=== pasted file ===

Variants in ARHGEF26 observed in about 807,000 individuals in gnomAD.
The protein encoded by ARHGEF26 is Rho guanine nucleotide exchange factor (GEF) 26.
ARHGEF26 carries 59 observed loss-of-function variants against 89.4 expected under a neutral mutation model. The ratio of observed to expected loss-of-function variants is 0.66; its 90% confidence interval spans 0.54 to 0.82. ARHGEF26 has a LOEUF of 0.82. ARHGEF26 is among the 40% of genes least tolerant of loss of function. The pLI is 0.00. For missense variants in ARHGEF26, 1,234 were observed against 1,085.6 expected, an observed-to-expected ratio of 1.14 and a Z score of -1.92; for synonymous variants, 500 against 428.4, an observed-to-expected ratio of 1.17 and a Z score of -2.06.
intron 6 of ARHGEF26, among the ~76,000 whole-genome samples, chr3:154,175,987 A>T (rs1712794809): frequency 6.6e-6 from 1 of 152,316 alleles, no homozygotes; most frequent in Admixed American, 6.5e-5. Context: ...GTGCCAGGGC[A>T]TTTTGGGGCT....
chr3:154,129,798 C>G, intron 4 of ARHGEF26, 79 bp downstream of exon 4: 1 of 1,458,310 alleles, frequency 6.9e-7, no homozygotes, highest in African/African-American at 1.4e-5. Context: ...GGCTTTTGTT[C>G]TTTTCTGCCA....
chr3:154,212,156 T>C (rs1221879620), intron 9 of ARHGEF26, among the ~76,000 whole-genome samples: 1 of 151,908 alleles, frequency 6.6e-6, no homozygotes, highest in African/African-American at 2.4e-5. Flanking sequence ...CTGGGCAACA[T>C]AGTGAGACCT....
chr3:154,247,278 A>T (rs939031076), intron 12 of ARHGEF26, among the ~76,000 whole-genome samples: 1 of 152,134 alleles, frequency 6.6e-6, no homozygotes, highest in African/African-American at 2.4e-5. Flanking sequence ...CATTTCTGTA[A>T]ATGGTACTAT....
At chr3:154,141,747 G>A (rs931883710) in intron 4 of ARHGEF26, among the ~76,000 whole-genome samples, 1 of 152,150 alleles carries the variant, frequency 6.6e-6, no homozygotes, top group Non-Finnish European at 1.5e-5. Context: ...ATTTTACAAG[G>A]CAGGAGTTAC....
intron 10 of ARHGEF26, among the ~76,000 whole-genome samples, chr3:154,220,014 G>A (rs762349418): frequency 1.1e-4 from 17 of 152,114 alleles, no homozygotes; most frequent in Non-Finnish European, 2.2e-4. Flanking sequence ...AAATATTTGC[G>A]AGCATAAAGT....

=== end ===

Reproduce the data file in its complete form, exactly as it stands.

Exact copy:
Variants in ARHGEF26 observed in about 807,000 individuals in gnomAD.
The protein encoded by ARHGEF26 is Rho guanine nucleotide exchange factor (GEF) 26.
ARHGEF26 carries 59 observed loss-of-function variants against 89.4 expected under a neutral mutation model. The ratio of observed to expected loss-of-function variants is 0.66; its 90% confidence interval spans 0.54 to 0.82. ARHGEF26 has a LOEUF of 0.82. ARHGEF26 is among the 40% of genes least tolerant of loss of function. The pLI is 0.00. For missense variants in ARHGEF26, 1,234 were observed against 1,085.6 expected, an observed-to-expected ratio of 1.14 and a Z score of -1.92; for synonymous variants, 500 against 428.4, an observed-to-expected ratio of 1.17 and a Z score of -2.06.
intron 6 of ARHGEF26, among the ~76,000 whole-genome samples, chr3:154,175,987 A>T (rs1712794809): frequency 6.6e-6 from 1 of 152,316 alleles, no homozygotes; most frequent in Admixed American, 6.5e-5. Context: ...GTGCCAGGGC[A>T]TTTTGGGGCT....
chr3:154,129,798 C>G, intron 4 of ARHGEF26, 79 bp downstream of exon 4: 1 of 1,458,310 alleles, frequency 6.9e-7, no homozygotes, highest in African/African-American at 1.4e-5. Context: ...GGCTTTTGTT[C>G]TTTTCTGCCA....
chr3:154,212,156 T>C (rs1221879620), intron 9 of ARHGEF26, among the ~76,000 whole-genome samples: 1 of 151,908 alleles, frequency 6.6e-6, no homozygotes, highest in African/African-American at 2.4e-5. Flanking sequence ...CTGGGCAACA[T>C]AGTGAGACCT....
chr3:154,247,278 A>T (rs939031076), intron 12 of ARHGEF26, among the ~76,000 whole-genome samples: 1 of 152,134 alleles, frequency 6.6e-6, no homozygotes, highest in African/African-American at 2.4e-5. Flanking sequence ...CATTTCTGTA[A>T]ATGGTACTAT....
At chr3:154,141,747 G>A (rs931883710) in intron 4 of ARHGEF26, among the ~76,000 whole-genome samples, 1 of 152,150 alleles carries the variant, frequency 6.6e-6, no homozygotes, top group Non-Finnish European at 1.5e-5. Context: ...ATTTTACAAG[G>A]CAGGAGTTAC....
intron 10 of ARHGEF26, among the ~76,000 whole-genome samples, chr3:154,220,014 G>A (rs762349418): frequency 1.1e-4 from 17 of 152,114 alleles, no homozygotes; most frequent in Non-Finnish European, 2.2e-4. Flanking sequence ...AAATATTTGC[G>A]AGCATAAAGT....